When did Democracy become a dirty word?

There has been quite a lot of interest recently in the re-writing of American history in Texas by the Christian Conservatives who have come to dominate the education board. Christian Conservatives, claim to be against the power of the state and taxation. In practice, though, they seem to have no problem in using the power of the state and taxpayers money to indoctrinate children with their ideology by rewriting history and science text books in a way that would have made Stalin blush. They see it as their chance to make “corrections” to a history that has been written by the Liberal Left. As Cynthia Dunbar (chair of the Board of Education) puts it:

“We wanted to make sure … there was a patriotic position promoted, because America, after all, is still the greatest nation on Earth.”

Much has been made of their overturning of what Dunbar calls “the myth of the separation of church and state” which may have been supposed to be fundamental to the American constitution but does seem to be a rather obvious target for Christian Conservatives? No big surprise there? What did surprise me though was one of the changes that has not had nearly as much media attention:

“use of the term ‘constitutional republic’ rather than ‘democratic’ or ‘representative democracy’ in reference to the U.S. form of government”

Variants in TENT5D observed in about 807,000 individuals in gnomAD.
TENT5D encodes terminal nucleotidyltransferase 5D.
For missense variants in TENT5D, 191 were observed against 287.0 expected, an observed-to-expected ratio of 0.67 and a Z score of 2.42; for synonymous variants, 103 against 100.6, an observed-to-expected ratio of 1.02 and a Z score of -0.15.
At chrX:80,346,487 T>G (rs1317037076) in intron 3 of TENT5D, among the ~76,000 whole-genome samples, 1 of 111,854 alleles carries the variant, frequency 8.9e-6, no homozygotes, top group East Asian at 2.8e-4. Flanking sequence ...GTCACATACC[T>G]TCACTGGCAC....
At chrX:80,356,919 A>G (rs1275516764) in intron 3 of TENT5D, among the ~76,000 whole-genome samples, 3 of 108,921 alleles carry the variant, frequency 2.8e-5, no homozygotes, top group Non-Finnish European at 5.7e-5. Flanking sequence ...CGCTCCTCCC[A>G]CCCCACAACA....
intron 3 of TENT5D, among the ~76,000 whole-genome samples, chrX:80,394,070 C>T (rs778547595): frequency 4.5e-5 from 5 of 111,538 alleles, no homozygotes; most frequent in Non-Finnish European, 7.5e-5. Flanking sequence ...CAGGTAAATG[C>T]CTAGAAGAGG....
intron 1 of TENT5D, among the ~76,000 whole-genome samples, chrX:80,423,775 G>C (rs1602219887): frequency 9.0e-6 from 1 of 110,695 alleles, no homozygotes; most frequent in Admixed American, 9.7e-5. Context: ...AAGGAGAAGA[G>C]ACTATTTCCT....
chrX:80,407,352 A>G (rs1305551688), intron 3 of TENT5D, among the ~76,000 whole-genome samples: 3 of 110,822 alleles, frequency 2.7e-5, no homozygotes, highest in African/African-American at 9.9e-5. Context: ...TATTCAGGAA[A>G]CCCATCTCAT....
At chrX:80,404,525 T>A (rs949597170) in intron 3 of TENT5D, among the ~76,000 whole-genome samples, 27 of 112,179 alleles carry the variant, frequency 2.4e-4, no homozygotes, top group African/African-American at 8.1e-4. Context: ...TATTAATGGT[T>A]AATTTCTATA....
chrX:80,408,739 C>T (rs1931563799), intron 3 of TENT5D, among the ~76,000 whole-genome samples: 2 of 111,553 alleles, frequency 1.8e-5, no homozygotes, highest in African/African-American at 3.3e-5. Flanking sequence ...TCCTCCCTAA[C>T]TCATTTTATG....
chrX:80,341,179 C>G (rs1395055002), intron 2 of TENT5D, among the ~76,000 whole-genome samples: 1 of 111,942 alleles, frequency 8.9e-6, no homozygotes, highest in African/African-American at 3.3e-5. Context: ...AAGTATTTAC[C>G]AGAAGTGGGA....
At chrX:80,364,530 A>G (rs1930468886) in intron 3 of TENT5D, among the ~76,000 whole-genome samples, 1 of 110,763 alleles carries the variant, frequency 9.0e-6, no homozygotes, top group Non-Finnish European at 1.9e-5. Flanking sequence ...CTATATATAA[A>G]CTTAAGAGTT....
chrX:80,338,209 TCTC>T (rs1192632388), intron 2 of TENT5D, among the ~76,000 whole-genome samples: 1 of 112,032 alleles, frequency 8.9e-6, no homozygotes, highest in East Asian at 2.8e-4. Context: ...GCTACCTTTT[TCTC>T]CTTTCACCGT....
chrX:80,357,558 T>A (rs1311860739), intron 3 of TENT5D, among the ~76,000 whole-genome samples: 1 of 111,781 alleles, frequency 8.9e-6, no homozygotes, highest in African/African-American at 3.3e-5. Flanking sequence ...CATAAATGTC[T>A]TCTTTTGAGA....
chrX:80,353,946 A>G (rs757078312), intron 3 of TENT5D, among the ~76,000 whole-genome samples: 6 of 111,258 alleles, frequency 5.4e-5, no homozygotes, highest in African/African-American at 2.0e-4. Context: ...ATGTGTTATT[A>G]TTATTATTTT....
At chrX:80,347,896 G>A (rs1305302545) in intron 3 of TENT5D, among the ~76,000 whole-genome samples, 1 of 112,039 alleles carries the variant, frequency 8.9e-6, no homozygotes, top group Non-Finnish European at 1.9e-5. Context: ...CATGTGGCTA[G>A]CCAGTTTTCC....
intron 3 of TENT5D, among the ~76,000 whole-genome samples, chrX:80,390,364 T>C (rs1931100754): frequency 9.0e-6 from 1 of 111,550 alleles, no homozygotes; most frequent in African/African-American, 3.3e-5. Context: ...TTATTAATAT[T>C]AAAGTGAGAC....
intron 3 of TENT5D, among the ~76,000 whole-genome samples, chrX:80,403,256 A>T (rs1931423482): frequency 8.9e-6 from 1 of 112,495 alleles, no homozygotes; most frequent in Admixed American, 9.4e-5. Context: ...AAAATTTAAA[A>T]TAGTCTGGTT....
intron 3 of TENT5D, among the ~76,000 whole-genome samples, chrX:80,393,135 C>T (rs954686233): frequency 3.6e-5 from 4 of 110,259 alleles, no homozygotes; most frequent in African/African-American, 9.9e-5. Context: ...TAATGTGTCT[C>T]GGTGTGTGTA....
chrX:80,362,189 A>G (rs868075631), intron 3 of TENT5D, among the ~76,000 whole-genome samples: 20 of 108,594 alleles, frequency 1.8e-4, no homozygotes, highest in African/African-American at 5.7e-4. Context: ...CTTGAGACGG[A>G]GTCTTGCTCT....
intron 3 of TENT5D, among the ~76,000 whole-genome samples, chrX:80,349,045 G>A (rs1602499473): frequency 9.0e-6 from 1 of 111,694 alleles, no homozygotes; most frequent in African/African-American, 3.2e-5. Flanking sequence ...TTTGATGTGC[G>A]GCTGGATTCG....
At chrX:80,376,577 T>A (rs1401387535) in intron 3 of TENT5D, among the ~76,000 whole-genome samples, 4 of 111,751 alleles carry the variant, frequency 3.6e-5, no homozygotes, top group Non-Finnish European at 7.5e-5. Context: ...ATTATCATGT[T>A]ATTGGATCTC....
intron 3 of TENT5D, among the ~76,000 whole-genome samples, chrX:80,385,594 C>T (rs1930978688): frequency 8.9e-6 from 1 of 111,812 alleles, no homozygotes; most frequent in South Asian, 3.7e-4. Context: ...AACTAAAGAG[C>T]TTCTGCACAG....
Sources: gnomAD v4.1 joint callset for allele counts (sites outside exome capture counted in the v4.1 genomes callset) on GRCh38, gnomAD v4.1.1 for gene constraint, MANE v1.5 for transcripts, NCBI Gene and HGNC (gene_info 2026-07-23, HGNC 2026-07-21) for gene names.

Eh? Did I miss something? When did the description of the USA as a Democracy become a dangerous left wing distortion of history that needs to be “corrected”? When did democracy become a dirty word? What’s that all about?

In Scotland, 1820 a flurry of disorderly events known as the Radical War culminated in a small group marching towards an ironworks in order to arm themselves. So confident were they that they were going to overthrow the existing state that they stopped at a tavern for lunch and asked for a receipt in order to reclaim their expenses from the new government! In the event they were attacked by a company of the Kings Hussars and their leaders were hung.

These “radicals” were not the usual mob of the time, they were artisans (weavers, smiths and wrights – an aspiring middle class) they were small business men, self employed and working to commission they had found time to read and educate themselves and discuss the issues of the day. The radical ideas of Thomas Paine and the French and American Revolutions. They found that their aspirations, and the hopes of the age, were being thwarted and held back by the basically feudal state that still governed society. In Scotland at the time, although the UK was already claiming to be a democracy, only 1 in 250 had the right to vote. The slogan of the radicals was – “No Kings, No Lords, No taxes”.